Kaua‘i Family Infected by COVID-19 Variant B.1.429; Cluster Related to Inter-Island Travel
The Kaua‘i District Health Office announced Wednesday that a COVID-19 variant has been confirmed on the island of Kaua‘i.
Samples from four household members confirmed that they were infected with the variant B.1.429, also known as the “California variant,” according to Kaua‘i County officials who say the household cluster is related to inter-island travel.
Kaua‘i had one previous case of the B.1.429 variant in January 2021, which was also related to travel.
“The B.1.429 variant is the dominant form of COVID-19 circulating on O‘ahu and in Maui County, so it is not surprising that this variant was found related to inter-island travel,” said Dr. Janet Berreman, Kaua‘i District Health Officer. “It is also the dominant strain now in California, which poses a risk for additional introduction to Kaua‘i as travel restrictions are loosened. The B.1.429 variant is of concern because it is more easily transmissible from person to person and therefore poses an increased risk of community spread.”
During a press briefing from Maui on Wednesday afternoon, Dr. Sarah Kemble, acting State Epidemiologist confirmed that the variant is the predominant strain on Maui, with about 82 percent of the sequences tested in March on Maui, determined to be B.1.429. She said that while the strain transmits more easily than the wild strain, health officials are seeing that the vaccine appears to be effective even for those exposed to this strain.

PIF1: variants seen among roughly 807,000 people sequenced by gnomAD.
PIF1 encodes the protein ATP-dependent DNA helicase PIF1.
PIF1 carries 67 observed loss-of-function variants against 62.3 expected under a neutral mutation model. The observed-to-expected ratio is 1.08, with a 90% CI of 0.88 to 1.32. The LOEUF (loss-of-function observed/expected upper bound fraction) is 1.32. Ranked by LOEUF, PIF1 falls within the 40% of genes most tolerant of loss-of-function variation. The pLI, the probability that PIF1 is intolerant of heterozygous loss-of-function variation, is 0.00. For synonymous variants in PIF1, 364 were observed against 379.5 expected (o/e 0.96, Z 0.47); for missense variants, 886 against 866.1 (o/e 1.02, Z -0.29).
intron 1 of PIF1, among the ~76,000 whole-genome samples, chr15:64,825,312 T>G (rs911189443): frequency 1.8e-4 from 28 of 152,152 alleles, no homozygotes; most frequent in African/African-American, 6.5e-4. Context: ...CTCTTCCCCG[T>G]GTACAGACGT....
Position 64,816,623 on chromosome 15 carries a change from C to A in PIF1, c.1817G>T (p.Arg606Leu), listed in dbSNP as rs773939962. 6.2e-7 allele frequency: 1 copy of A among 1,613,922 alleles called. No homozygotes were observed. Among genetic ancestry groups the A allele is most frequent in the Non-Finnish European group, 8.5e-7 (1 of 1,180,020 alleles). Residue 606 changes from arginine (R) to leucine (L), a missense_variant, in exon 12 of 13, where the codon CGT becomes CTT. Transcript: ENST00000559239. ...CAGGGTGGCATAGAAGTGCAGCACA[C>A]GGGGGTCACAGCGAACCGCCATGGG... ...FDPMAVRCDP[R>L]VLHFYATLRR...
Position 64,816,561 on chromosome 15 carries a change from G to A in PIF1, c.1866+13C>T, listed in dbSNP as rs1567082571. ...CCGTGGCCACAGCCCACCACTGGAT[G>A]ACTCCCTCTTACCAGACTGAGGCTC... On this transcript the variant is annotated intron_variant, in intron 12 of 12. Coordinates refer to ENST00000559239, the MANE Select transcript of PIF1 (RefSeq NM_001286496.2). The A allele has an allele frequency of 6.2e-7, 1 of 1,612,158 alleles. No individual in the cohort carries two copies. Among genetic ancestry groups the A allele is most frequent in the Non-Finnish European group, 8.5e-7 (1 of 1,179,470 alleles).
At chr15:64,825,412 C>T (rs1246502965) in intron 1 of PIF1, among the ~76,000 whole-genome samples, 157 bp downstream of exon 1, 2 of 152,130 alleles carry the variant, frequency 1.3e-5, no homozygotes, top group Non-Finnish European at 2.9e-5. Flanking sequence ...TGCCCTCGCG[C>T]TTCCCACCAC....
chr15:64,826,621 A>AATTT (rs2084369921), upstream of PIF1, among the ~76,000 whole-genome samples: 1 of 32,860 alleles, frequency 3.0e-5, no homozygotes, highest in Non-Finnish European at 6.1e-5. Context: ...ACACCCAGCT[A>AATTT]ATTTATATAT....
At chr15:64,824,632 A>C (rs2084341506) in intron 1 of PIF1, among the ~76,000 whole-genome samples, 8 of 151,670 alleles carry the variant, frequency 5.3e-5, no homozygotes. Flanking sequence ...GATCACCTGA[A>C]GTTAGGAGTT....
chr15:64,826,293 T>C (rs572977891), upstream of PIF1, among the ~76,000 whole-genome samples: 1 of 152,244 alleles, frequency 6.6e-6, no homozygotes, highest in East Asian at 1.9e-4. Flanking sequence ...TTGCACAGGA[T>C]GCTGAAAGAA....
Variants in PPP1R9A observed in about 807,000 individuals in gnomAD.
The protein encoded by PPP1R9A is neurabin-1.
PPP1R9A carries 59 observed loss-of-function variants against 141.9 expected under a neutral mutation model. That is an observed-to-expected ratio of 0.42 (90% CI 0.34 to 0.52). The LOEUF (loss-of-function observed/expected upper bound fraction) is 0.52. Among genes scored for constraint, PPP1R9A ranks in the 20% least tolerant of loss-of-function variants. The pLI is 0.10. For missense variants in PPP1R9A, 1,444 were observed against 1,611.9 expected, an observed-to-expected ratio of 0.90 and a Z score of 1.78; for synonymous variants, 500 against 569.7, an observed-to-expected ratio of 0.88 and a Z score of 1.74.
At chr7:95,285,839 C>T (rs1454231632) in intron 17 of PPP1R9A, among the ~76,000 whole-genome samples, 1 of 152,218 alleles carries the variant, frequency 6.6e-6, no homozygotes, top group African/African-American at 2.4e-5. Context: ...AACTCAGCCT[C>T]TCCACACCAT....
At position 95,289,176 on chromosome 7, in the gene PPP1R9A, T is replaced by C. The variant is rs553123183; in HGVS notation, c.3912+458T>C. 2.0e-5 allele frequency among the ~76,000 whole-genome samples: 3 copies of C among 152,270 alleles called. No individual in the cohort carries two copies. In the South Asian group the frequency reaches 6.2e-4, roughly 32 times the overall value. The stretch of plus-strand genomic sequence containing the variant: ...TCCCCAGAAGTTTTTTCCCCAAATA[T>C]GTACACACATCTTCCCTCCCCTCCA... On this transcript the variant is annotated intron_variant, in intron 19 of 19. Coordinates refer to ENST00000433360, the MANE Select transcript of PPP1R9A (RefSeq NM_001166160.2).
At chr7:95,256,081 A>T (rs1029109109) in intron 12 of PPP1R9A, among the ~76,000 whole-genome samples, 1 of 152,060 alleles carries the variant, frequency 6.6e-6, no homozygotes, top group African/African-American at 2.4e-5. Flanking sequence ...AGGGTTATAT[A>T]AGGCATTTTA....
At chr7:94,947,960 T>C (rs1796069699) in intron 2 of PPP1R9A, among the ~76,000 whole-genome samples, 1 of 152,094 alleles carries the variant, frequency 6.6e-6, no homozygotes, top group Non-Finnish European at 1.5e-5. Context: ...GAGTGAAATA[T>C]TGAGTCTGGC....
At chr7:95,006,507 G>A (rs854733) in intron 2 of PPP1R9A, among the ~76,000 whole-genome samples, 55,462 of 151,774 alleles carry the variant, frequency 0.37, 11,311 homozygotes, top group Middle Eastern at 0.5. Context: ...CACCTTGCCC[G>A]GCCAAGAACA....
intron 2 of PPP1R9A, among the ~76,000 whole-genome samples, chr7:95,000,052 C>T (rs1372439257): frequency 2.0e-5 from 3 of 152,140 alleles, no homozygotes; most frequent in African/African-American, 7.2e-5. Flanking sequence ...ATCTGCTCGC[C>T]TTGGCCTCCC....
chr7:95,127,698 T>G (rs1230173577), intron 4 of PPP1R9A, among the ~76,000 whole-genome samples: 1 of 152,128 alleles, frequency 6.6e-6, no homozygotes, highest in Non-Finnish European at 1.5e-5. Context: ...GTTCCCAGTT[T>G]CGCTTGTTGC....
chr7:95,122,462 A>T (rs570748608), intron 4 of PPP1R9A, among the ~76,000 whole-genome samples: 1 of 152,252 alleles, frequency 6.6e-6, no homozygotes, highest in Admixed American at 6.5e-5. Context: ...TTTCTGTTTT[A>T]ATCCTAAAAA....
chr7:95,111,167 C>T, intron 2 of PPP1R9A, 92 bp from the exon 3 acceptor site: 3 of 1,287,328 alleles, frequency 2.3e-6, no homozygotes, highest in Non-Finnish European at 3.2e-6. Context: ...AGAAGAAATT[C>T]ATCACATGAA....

The variant was found when seven members of a household tested positive for COVID-19, after two family members traveled inter-island. Because of the significant transmission in the household and the travel history, samples from several of these cases were submitted for genomic sequencing to see whether they might be one of the variants of concern identified by the US Centers for Disease Control and Prevention.
All four samples were confirmed to be the variant B.1.429.
“Fortunately, all known close contacts of these cases have completed their quarantine period and have been tested, and no additional cases have been identified,” according to county officials. The Kaua‘i District Health Office will continue monitoring our community for cases and testing for variants.
Six of the seven family members were unvaccinated at the time of their exposure, and the seventh had received only one of two doses. All seven confirmed cases were placed in health-directed isolation for 10 days after the onset of their illness. All confirmed cases, whether or not vaccinated, must complete a full isolation period to prevent any possibility of further transmission to others.
“Thankfully, several of the people outside of the family who came into close contact with the infected family members were already fully vaccinated, having completed their vaccine doses 14 days or more before their first date of exposure,” according to a Kaua‘i County press release.
Per CDC guidelines, fully vaccinated people who come into contact with an infected person are not required to by health officials to isolate. Instead, they were able to continue working and going about their normal daily activities while self-monitoring for symptoms. [NOTE: This refers to health-directed isolation, NOT mandatory traveler quarantines and exemptions.]
The Kaua‘i District Health Office assisted with vaccine appointments for the cases and contacts age 16 or older who were not yet fully vaccinated and wanted to be vaccinated.
“As residents travel more—both to the mainland and inter-island—and as we welcome more visitors to our island, it is especially important that we all continue to take precautions,” said Dr. Berreman. “The strongest step we can take is to be vaccinated. I encourage all residents 16 years of age and older to make an appointment now, if they have not already been vaccinated. And mahalo to those who have been vaccinated.”